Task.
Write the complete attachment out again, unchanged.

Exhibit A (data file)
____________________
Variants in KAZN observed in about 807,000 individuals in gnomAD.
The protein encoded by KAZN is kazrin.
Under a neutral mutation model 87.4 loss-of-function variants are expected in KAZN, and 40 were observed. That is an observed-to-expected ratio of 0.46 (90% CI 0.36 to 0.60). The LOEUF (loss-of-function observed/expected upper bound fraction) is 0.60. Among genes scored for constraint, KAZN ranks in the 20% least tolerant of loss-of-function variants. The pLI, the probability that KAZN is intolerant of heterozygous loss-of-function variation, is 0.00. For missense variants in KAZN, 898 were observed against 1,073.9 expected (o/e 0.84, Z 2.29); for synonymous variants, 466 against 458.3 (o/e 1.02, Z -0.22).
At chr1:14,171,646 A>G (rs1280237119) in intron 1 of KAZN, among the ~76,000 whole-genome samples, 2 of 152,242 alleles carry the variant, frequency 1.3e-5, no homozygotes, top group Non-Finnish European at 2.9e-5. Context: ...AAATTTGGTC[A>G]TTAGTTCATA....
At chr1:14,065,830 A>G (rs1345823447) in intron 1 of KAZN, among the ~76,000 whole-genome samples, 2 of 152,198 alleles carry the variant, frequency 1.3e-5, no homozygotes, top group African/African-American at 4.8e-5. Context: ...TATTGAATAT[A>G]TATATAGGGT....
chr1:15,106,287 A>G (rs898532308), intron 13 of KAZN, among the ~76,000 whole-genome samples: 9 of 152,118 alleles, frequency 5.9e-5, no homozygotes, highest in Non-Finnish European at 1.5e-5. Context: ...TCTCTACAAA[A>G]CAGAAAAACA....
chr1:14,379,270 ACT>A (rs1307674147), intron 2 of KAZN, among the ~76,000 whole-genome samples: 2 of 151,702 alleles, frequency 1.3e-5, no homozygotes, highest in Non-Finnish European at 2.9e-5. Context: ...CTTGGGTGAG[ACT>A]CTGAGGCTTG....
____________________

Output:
Variants in KAZN observed in about 807,000 individuals in gnomAD.
The protein encoded by KAZN is kazrin.
Under a neutral mutation model 87.4 loss-of-function variants are expected in KAZN, and 40 were observed. That is an observed-to-expected ratio of 0.46 (90% CI 0.36 to 0.60). The LOEUF (loss-of-function observed/expected upper bound fraction) is 0.60. Among genes scored for constraint, KAZN ranks in the 20% least tolerant of loss-of-function variants. The pLI, the probability that KAZN is intolerant of heterozygous loss-of-function variation, is 0.00. For missense variants in KAZN, 898 were observed against 1,073.9 expected (o/e 0.84, Z 2.29); for synonymous variants, 466 against 458.3 (o/e 1.02, Z -0.22).
At chr1:14,171,646 A>G (rs1280237119) in intron 1 of KAZN, among the ~76,000 whole-genome samples, 2 of 152,242 alleles carry the variant, frequency 1.3e-5, no homozygotes, top group Non-Finnish European at 2.9e-5. Context: ...AAATTTGGTC[A>G]TTAGTTCATA....
At chr1:14,065,830 A>G (rs1345823447) in intron 1 of KAZN, among the ~76,000 whole-genome samples, 2 of 152,198 alleles carry the variant, frequency 1.3e-5, no homozygotes, top group African/African-American at 4.8e-5. Context: ...TATTGAATAT[A>G]TATATAGGGT....
chr1:15,106,287 A>G (rs898532308), intron 13 of KAZN, among the ~76,000 whole-genome samples: 9 of 152,118 alleles, frequency 5.9e-5, no homozygotes, highest in Non-Finnish European at 1.5e-5. Context: ...TCTCTACAAA[A>G]CAGAAAAACA....
chr1:14,379,270 ACT>A (rs1307674147), intron 2 of KAZN, among the ~76,000 whole-genome samples: 2 of 151,702 alleles, frequency 1.3e-5, no homozygotes, highest in Non-Finnish European at 2.9e-5. Context: ...CTTGGGTGAG[ACT>A]CTGAGGCTTG....